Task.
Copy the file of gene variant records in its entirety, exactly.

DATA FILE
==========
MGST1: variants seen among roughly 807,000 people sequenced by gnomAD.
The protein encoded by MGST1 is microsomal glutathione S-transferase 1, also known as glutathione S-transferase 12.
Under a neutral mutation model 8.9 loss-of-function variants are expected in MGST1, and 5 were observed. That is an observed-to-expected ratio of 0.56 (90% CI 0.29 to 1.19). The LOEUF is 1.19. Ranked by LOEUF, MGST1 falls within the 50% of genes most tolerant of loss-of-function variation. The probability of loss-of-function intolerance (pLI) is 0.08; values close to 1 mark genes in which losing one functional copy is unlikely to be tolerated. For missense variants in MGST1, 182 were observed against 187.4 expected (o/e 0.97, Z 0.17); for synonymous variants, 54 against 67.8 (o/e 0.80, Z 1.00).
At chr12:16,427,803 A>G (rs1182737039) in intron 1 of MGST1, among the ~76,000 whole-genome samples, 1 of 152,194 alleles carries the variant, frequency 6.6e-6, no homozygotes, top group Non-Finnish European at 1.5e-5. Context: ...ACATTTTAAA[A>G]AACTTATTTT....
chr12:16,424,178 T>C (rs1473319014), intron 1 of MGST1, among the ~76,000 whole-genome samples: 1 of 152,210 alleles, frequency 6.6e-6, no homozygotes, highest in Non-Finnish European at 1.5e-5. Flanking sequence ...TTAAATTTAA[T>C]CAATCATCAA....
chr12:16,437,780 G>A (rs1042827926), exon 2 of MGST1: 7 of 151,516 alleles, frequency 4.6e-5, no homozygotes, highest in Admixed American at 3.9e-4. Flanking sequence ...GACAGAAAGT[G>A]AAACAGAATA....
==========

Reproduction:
MGST1: variants seen among roughly 807,000 people sequenced by gnomAD.
The protein encoded by MGST1 is microsomal glutathione S-transferase 1, also known as glutathione S-transferase 12.
Under a neutral mutation model 8.9 loss-of-function variants are expected in MGST1, and 5 were observed. That is an observed-to-expected ratio of 0.56 (90% CI 0.29 to 1.19). The LOEUF is 1.19. Ranked by LOEUF, MGST1 falls within the 50% of genes most tolerant of loss-of-function variation. The probability of loss-of-function intolerance (pLI) is 0.08; values close to 1 mark genes in which losing one functional copy is unlikely to be tolerated. For missense variants in MGST1, 182 were observed against 187.4 expected (o/e 0.97, Z 0.17); for synonymous variants, 54 against 67.8 (o/e 0.80, Z 1.00).
At chr12:16,427,803 A>G (rs1182737039) in intron 1 of MGST1, among the ~76,000 whole-genome samples, 1 of 152,194 alleles carries the variant, frequency 6.6e-6, no homozygotes, top group Non-Finnish European at 1.5e-5. Context: ...ACATTTTAAA[A>G]AACTTATTTT....
chr12:16,424,178 T>C (rs1473319014), intron 1 of MGST1, among the ~76,000 whole-genome samples: 1 of 152,210 alleles, frequency 6.6e-6, no homozygotes, highest in Non-Finnish European at 1.5e-5. Flanking sequence ...TTAAATTTAA[T>C]CAATCATCAA....
chr12:16,437,780 G>A (rs1042827926), exon 2 of MGST1: 7 of 151,516 alleles, frequency 4.6e-5, no homozygotes, highest in Admixed American at 3.9e-4. Flanking sequence ...GACAGAAAGT[G>A]AAACAGAATA....